Christ Since the Beginning
In the Beginning
Monday, February 18, 2019
In the beginning, God created the heavens and the earth. Now the earth was formless and empty, darkness was over the surface of the deep, and the Spirit of God was hovering over the waters. And God said, “Let there be light,” and there was light. —Genesis 1:1-3, Jerusalem Bible
When Christians hear the word “incarnation,” most of us think about the birth of Jesus who personally demonstrated God’s radical unity with humanity. But I want to suggest that the first Incarnation was the moment described in Genesis 1, when God joined in unity with the physical universe and became the light inside of everything. (This, I believe, is why light is the subject of the first day of creation.)
In the beginning was the Cosmic Blueprint (“Logos”), and the Word was with God, and the Word was God. All things came to be through him, and without him nothing came to be. What came to be through him was life, and this life was the light of the human race; the light shines in the darkness, and the darkness has not overcome it. —John 1:1-5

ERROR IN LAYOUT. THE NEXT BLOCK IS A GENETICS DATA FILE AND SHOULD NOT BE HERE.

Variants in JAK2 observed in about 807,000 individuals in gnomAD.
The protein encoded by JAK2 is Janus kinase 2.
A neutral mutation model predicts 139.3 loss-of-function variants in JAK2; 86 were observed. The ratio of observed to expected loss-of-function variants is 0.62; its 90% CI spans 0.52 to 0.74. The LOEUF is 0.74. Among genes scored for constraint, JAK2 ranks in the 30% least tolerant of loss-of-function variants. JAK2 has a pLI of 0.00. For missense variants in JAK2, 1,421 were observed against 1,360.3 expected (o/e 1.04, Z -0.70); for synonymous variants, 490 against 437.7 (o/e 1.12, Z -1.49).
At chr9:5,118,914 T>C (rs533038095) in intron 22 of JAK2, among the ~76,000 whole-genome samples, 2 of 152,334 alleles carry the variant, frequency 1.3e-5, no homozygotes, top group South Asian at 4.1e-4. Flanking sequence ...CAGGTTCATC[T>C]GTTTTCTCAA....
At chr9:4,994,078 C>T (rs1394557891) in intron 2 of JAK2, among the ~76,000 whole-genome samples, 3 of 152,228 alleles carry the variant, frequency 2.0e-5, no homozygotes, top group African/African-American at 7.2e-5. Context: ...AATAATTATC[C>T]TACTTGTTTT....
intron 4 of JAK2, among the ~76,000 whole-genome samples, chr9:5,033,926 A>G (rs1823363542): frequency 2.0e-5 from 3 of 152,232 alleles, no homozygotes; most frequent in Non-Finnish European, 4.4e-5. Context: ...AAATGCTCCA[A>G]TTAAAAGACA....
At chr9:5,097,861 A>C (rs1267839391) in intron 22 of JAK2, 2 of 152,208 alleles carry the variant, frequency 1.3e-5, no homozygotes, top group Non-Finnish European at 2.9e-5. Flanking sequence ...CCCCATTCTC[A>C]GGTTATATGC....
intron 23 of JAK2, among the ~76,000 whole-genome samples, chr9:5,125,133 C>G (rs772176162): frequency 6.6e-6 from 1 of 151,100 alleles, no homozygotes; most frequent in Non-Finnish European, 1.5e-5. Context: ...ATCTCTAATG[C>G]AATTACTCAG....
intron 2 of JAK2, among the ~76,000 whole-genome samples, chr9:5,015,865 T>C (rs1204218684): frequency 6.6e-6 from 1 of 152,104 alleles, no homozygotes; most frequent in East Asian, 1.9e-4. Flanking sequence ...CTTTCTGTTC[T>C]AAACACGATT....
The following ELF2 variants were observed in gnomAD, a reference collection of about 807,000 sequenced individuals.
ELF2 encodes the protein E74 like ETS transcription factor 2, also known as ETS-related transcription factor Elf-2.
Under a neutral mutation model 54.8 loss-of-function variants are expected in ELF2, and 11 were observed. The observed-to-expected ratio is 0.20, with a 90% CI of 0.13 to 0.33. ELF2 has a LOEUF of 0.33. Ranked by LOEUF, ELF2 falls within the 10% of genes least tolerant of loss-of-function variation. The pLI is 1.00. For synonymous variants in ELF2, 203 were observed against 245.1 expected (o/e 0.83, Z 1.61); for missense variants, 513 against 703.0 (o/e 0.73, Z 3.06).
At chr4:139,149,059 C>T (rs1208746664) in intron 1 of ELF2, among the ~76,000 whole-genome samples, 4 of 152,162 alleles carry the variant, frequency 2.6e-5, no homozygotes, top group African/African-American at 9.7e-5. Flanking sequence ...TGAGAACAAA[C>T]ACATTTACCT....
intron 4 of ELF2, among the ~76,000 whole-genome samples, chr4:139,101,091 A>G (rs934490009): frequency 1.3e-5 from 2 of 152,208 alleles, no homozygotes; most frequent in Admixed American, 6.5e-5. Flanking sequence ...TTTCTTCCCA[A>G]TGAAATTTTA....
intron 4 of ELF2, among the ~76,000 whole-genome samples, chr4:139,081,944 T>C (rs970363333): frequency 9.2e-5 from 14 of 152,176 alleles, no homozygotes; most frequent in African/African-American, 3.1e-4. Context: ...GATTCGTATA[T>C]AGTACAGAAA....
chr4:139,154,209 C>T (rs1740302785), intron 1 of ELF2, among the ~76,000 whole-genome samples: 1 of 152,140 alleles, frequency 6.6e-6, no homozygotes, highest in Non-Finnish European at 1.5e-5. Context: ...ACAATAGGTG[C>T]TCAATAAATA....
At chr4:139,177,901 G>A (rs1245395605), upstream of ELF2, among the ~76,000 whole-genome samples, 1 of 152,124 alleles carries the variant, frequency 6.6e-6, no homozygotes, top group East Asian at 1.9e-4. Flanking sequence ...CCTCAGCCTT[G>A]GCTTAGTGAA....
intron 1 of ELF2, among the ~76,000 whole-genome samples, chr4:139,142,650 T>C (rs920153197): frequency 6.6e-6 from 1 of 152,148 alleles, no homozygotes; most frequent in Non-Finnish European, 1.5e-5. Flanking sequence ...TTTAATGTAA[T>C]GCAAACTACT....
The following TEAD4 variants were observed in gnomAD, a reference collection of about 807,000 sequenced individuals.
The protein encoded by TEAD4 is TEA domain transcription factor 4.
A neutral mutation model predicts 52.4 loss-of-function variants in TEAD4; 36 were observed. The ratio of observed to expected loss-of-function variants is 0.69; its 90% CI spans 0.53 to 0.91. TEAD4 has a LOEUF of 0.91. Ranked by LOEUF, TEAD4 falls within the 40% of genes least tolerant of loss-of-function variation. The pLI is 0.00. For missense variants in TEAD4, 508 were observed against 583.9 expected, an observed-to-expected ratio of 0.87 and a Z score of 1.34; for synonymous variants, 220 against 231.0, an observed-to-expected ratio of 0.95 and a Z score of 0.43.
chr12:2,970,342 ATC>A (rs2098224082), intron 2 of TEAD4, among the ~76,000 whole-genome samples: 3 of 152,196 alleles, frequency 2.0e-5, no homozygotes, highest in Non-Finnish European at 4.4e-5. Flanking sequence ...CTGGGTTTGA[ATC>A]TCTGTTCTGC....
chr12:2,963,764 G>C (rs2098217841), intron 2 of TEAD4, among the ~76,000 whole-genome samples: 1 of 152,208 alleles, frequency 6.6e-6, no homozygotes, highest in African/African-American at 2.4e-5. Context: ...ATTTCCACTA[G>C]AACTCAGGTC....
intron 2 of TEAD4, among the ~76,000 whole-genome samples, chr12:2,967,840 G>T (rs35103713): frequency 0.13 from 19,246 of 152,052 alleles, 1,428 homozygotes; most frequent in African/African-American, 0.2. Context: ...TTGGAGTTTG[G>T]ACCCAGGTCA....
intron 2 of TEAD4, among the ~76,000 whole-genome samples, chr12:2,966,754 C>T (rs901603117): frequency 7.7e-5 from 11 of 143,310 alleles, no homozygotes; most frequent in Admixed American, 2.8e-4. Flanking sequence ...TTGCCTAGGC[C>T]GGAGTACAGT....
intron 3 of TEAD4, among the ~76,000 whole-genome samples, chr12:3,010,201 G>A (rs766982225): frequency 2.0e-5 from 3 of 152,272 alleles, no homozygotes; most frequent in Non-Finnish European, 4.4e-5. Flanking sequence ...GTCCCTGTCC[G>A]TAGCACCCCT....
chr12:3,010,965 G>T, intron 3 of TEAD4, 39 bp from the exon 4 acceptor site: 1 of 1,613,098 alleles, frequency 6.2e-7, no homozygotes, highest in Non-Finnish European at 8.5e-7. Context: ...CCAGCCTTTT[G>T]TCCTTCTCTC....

If you can overlook how John uses a masculine pronoun to describe something that is clearly beyond gender, you can see that he is giving us a sacred cosmology and not just a theology (see John 1:1-18). Long before Jesus’ personal Incarnation, Christ was deeply embedded in all things—as all things! The first lines of the Bible say that “the Spirit of God was hovering over the waters” or the “formless void,” and immediately the material universe became fully visible in its depths and meaning (Genesis 1:1-3). The Christ Mystery is the New Testament’s attempt to name this visibility or see-ability that occurred on the first day.
Remember, light is not so much what you directly see as that by which you see everything else. This is why in John’s Gospel, Jesus Christ makes the almost boastful statement, “I am the Light of the world” (John 8:12). Jesus Christ is the amalgam of matter and spirit put together in one place, so we ourselves can put it together in all places and enjoy things in their fullness. It can even enable us to see as God sees, if that is not hoping for too much.
Adapted from Richard Rohr, The Universal Christ: How a Forgotten Reality Can Change Everything We See, Hope For, and Believe (Convergent: 2019), 12-14.